For Media Inquiries:

Dr. Michael Sharnoff is an Associate Professor of Middle East Studies at the Daniel Morgan Graduate School and Director of the Regional Studies Program.

Dr. Sharnoff has traveled extensively in the Middle East and has lived in three major world capitals. He has congressional experience on Capitol Hill, worked at influential policy centers in Washington, and publishes frequently on the Middle East. His articles have appeared in major publications including The Daily Beast, Huffington Post, Al Arabiya, Palestine-Israel Journal and Your Middle East.

Dr. Sharnoff is a senior analyst at Wikistrat, a geo-political risk consultancy firm, and his speaking engagements include appearances at the Department of State’s Critical Language Scholarship Program and Wright Patterson Air Force Base.

In fall 2012 he founded Sharnoff’s Global Views, a global op-ed forum for internationals to communicate directly with the American people. The site is a professional platform for activists, analysts, spiritual leaders, politicians, and educators. Special emphasis is given to women’s rights, reform and democracy.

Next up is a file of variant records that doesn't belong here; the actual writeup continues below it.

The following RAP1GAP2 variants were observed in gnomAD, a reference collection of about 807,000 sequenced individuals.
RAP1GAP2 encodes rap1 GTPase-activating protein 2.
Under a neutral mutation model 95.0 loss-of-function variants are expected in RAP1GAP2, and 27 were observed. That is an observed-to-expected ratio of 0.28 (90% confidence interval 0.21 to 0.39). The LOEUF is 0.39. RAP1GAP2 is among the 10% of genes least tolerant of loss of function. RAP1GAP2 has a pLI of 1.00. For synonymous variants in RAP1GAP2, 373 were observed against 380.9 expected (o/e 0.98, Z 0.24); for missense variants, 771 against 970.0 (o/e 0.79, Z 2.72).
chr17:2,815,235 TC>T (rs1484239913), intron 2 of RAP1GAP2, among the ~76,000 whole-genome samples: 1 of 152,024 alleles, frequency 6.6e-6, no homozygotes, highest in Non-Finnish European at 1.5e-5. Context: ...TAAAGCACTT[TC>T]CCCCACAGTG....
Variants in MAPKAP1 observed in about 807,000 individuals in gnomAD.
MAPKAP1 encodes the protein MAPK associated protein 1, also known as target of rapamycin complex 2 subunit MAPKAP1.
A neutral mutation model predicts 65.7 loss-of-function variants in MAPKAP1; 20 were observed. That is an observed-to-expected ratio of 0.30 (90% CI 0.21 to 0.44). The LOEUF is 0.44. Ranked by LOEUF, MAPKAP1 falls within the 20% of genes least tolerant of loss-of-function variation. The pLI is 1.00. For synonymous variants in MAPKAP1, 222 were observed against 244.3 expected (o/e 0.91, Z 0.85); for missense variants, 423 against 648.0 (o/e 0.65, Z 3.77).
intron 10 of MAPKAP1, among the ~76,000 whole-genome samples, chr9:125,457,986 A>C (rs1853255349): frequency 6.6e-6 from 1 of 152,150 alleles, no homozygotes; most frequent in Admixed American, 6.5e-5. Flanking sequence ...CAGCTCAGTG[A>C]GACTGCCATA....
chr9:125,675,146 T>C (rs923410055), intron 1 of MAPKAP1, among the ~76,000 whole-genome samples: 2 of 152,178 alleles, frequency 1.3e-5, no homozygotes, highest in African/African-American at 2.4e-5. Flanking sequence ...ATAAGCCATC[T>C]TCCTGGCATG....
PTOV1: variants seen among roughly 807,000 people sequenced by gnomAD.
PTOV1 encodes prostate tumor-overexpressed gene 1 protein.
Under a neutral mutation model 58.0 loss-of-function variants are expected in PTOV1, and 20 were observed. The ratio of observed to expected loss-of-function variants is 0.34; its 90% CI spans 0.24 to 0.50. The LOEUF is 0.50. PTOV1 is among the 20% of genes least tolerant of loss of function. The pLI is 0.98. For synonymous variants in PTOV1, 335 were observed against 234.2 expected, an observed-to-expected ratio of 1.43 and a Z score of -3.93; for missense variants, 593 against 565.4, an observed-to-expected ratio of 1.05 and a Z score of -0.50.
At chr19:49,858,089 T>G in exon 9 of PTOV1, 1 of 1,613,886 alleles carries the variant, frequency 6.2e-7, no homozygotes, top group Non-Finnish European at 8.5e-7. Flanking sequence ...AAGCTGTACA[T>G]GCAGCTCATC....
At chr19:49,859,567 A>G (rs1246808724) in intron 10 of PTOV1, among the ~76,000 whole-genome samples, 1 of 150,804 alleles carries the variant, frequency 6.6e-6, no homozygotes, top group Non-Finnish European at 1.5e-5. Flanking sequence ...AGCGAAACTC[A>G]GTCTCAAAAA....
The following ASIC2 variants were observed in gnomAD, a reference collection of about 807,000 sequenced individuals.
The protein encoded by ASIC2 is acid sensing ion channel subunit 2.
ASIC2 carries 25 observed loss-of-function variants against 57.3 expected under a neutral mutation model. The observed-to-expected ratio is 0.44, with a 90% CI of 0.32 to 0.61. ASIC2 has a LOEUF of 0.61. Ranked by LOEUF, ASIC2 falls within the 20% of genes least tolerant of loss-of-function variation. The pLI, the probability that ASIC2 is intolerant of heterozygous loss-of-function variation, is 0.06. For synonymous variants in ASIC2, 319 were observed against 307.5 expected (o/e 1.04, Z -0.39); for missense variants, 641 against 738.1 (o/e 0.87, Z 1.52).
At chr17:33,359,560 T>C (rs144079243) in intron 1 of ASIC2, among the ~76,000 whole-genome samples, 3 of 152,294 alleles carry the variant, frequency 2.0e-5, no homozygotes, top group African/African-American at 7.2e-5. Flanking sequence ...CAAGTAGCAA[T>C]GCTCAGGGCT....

Dr. Sharnoff received a bachelor’s in history from the College of Charleston and a master’s in Middle Eastern History from Tel Aviv University. He completed a Ph.D. in Middle East Studies from King’s College, London, and his research interests include the Arab-Israeli conflict, Political Islam, and contemporary Middle Eastern history. He is the author of Nasser’s Peace: Egypt’s Response to the 1967 War with Israel.


Nasser’s Peace: Egypt’s Response to the 1967 War with Israel
Gamal Abdel Nasser was arguably one of the most influential Arab leaders in history. As President of Egypt from 1956 to 1970, he could have achieved a peace agreement with Israel, yet he preferred to maintain his unique leadership role by affirming pan-Arab nationalism and championing the liberation of Palestine, a common euphemism for the destruction of Israel.